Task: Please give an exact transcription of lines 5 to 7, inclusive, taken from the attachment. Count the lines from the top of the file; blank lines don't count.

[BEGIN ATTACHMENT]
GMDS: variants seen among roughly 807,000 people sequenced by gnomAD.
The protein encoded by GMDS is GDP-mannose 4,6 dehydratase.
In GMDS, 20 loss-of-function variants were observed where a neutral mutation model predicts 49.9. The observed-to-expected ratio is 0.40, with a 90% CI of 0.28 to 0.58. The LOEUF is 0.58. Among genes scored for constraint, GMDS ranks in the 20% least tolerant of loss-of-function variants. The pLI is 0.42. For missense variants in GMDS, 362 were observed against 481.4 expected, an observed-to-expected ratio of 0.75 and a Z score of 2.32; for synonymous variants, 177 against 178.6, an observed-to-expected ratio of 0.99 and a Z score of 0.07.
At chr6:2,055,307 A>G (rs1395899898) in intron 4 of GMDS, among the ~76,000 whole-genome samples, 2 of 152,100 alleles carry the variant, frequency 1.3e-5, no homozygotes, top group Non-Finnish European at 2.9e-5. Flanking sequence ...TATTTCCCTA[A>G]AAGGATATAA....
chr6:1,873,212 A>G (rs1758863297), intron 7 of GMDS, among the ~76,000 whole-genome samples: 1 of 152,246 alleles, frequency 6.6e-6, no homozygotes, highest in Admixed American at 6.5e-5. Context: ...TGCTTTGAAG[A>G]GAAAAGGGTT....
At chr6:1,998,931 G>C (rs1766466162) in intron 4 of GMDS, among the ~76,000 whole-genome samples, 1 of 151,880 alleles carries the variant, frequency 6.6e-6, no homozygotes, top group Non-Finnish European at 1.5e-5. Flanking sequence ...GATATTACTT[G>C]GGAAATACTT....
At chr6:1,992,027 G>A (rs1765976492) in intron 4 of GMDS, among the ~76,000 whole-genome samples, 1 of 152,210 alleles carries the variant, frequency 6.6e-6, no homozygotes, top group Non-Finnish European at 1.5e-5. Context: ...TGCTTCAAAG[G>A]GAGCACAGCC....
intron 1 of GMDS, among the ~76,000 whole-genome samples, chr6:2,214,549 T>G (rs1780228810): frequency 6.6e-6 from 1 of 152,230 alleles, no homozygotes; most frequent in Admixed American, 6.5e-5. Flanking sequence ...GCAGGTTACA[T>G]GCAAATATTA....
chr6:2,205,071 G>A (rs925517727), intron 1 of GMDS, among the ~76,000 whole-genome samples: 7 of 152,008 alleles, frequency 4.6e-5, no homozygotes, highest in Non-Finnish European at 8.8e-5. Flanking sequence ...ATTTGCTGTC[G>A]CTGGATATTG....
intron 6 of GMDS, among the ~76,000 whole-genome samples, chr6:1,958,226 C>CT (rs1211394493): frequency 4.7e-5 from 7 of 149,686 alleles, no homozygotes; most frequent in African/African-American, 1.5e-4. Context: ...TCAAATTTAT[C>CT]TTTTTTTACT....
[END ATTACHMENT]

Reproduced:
chr6:1,873,212 A>G (rs1758863297), intron 7 of GMDS, among the ~76,000 whole-genome samples: 1 of 152,246 alleles, frequency 6.6e-6, no homozygotes, highest in Admixed American at 6.5e-5. Context: ...TGCTTTGAAG[A>G]GAAAAGGGTT....
At chr6:1,998,931 G>C (rs1766466162) in intron 4 of GMDS, among the ~76,000 whole-genome samples, 1 of 151,880 alleles carries the variant, frequency 6.6e-6, no homozygotes, top group Non-Finnish European at 1.5e-5. Flanking sequence ...GATATTACTT[G>C]GGAAATACTT....
At chr6:1,992,027 G>A (rs1765976492) in intron 4 of GMDS, among the ~76,000 whole-genome samples, 1 of 152,210 alleles carries the variant, frequency 6.6e-6, no homozygotes, top group Non-Finnish European at 1.5e-5. Context: ...TGCTTCAAAG[G>A]GAGCACAGCC....